And hanging concentrates the mind wonderfully! If these politicians fail to give a lead, and bow the knee to Westminster cuts, they should be forcibly reminded of the forthcoming Scottish elections, where the SSP and other socialists will advocate precisely the option of defiance, not destruction. 

Saturday, 2 January 2016


On Hogmanay 1996, the Glasgow Glacier Metal engineering workers were ringing the bells in elation at their victory, whilst Glacier bosses were wringing their hands in despair.
The ‘Polmadie 103’ had scored a landmark victory for class struggle trade unionism, defeating the factory’s multinational owners, Turner & Newall, after a seven week factory sit-in. 
It was the first workplace occupation in ten years, and was provoked by dictatorial bosses trying to impose a 15-point change of contract, which aimed to double company profits, cut wages by £123 a week and slash sick pay, the canteen subsidy and other benefits won over 25 years by these members of the AEEU, now part of UNITE the union.

The boss’s method of imposing this was designed to undermine the union. He picked on the youngest tradesman in the workforce, and ordered him to risk health and safety by doing two jobs at once. The lad went to his union stewards, who had prepared for this confrontation and, advising the entire workforce to ‘down tools’, went upstairs to negotiate.

As they waited outside his office, the manager sneaked down to the factory floor to declare: “Gentlemen, you are all sacked!" Four of those sacked were on holiday, while another was convalescing after operations for brain 

Advantages of Factory Occupation  
Critically, instead of walking out the door on strike, which years before had landed them in a prolonged lockout, the workers stayed in the factory, declaring themselves available for work.

This totally wrong-footed management, and gave the highly-skilled workers several strategic advantages. They seized control of a factory with £1million worth of undelivered precision engineering products, paralysing £200,000-a-day production and thereby putting pressure on the owners from customer companies. I'll never forget the irate phone call to the factory during the sit-in, when a company boss bellowed: "What's going on with my orders? I've got a f***ing nuclear power station to run!"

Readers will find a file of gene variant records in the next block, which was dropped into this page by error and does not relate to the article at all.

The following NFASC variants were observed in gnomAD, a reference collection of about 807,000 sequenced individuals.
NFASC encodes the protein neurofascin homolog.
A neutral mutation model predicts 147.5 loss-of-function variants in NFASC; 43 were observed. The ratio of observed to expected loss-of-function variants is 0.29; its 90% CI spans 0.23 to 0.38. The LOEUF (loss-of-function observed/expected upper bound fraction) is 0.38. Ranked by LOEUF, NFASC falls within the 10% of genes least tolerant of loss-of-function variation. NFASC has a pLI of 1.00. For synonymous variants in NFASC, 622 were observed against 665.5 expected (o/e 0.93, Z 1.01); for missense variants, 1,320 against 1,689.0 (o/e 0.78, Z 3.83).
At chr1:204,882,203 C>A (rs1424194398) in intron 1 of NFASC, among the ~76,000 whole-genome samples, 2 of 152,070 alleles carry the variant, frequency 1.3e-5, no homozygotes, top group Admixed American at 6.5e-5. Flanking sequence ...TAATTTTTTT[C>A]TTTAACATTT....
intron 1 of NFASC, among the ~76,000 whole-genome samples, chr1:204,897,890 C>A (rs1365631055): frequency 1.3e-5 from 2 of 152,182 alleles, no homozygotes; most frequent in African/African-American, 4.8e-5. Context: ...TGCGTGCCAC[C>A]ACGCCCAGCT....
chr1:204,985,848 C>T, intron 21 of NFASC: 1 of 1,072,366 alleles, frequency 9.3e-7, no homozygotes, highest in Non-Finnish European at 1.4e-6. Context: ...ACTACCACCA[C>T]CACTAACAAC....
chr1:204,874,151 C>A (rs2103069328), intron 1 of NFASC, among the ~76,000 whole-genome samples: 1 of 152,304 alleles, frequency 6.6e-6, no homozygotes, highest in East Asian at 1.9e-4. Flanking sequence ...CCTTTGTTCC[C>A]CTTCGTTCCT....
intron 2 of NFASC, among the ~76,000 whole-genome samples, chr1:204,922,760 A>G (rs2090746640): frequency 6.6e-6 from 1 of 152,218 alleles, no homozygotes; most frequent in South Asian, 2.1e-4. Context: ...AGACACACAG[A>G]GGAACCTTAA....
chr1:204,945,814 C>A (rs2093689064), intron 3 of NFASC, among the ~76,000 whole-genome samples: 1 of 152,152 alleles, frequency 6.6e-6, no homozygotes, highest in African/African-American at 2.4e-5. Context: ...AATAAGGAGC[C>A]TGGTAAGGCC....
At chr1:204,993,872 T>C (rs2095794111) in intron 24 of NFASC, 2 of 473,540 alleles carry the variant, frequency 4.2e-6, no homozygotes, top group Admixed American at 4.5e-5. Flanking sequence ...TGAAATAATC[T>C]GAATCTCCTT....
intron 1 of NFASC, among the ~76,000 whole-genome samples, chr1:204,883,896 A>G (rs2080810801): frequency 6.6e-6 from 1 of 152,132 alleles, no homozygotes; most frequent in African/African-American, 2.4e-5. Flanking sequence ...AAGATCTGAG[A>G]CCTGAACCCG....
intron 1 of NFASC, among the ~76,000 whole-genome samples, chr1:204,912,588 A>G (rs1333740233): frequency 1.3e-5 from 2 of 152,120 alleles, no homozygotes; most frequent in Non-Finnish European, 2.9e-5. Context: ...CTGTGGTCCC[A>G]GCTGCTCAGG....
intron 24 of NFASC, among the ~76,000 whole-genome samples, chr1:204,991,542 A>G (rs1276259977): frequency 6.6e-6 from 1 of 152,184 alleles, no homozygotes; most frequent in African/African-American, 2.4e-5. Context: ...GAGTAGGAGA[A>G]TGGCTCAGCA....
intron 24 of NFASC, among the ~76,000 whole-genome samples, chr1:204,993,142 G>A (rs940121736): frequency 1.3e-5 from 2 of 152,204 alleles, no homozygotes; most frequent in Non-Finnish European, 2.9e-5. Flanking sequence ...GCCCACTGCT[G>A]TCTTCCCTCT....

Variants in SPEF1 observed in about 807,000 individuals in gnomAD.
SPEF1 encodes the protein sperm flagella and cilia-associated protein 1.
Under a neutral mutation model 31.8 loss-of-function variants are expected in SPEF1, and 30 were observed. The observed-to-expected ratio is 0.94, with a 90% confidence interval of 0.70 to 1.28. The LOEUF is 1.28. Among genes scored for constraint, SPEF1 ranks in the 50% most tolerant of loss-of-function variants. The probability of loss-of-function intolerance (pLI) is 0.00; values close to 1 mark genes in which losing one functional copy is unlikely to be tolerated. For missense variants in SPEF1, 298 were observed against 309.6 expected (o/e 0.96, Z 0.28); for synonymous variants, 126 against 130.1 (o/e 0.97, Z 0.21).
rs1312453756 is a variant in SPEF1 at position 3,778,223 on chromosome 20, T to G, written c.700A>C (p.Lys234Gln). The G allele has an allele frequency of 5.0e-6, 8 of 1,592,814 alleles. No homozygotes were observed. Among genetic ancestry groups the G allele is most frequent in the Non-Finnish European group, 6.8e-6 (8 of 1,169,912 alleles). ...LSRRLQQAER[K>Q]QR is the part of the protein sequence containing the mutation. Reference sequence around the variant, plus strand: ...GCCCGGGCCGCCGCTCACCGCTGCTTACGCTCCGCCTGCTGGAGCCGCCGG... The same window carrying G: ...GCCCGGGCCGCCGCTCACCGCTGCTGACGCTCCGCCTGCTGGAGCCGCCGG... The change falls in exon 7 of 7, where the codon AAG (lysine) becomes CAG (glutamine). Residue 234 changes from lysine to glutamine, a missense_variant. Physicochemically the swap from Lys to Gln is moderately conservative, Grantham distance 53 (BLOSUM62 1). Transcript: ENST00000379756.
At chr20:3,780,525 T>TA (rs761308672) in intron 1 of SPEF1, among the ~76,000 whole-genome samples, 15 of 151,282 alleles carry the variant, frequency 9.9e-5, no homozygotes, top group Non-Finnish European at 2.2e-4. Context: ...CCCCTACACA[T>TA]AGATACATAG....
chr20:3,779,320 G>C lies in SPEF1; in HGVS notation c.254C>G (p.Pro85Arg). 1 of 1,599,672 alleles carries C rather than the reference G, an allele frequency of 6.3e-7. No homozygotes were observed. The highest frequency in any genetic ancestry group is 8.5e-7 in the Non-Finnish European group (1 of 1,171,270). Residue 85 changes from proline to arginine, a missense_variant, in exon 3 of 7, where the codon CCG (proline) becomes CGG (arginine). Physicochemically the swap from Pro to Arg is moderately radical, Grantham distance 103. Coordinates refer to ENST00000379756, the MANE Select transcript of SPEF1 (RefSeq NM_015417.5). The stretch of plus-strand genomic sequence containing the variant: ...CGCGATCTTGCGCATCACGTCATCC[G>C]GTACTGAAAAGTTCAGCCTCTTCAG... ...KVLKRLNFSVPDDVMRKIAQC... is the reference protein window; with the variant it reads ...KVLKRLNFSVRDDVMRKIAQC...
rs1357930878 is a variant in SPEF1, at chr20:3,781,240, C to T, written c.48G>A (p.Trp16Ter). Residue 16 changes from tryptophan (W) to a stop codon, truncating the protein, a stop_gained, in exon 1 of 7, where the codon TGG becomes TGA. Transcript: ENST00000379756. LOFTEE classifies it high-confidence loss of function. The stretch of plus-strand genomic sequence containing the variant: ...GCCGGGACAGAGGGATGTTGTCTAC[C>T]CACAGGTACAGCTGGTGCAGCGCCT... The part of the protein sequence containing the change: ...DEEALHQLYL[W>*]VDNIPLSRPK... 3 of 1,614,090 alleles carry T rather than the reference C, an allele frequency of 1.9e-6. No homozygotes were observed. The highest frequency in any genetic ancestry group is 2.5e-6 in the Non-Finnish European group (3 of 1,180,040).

They psychologically brought the battle into the bosses’ domain, preventing them bussing in scabs past legally-hamstrung pickets with police assistance, as Timex had done in Dundee 1993. And above all, they were fighting for their jobs, justice and full trade union rights inside a well-heated factory, with snow-storms outside, making it one huge campaigning nerve centre.

Building Workers' Solidarity  
If the factory occupation had remained a ‘folded arms’ affair, waiting for concessions from the employers, it would have collapsed, or at best allowed some dirty deal to be hatched above their heads between the management and top AEEU officials, who had secret contact with the company as early as five days into the occupation. But this inspiring workers’ struggle was a model of strategy and tactics. Firm discipline was established by the union stewards and Occupation Committee, with a booze ban and daily mass meetings. Meals were cooked and the factory kept clean.

Role of Socialists in the Sit-in 
Some of us who later founded the SSP played a major role in this historic event.

I first called to offer practical solidarity the morning after they started the occupation. We had been in the thick of building support for the 500 locked-out Liverpool dockers for the previous 15 months, and used our vast array of workplace contacts to arrange solidarity visits with Glacier workers all over Scotland – and parts of the UK, particularly those with big engineering industries. This served several purposes, including financial survival for the workers’ families and a breach in the media vow of silence.

On the issue of whether management could evict them, we explained the law, with the help of a couple of friendly lawyers, but emphasised that the ultimate means of defence of the sit-in from potential moves - involving police, or cowboy security firms - was to build mass support in the workplaces and surrounding community, creating a potential army of defence.

Solidarity Mass Pickets  
The employers hoped to isolate the sit-in with the help of media silence, aiming to starve the workers’ families into submission as Christmas loomed large. Workplace solidarity tours helped scupper that. It also countered the danger of boredom and demoralisation setting in amongst a workforce not previously known for involvement in the wider movement.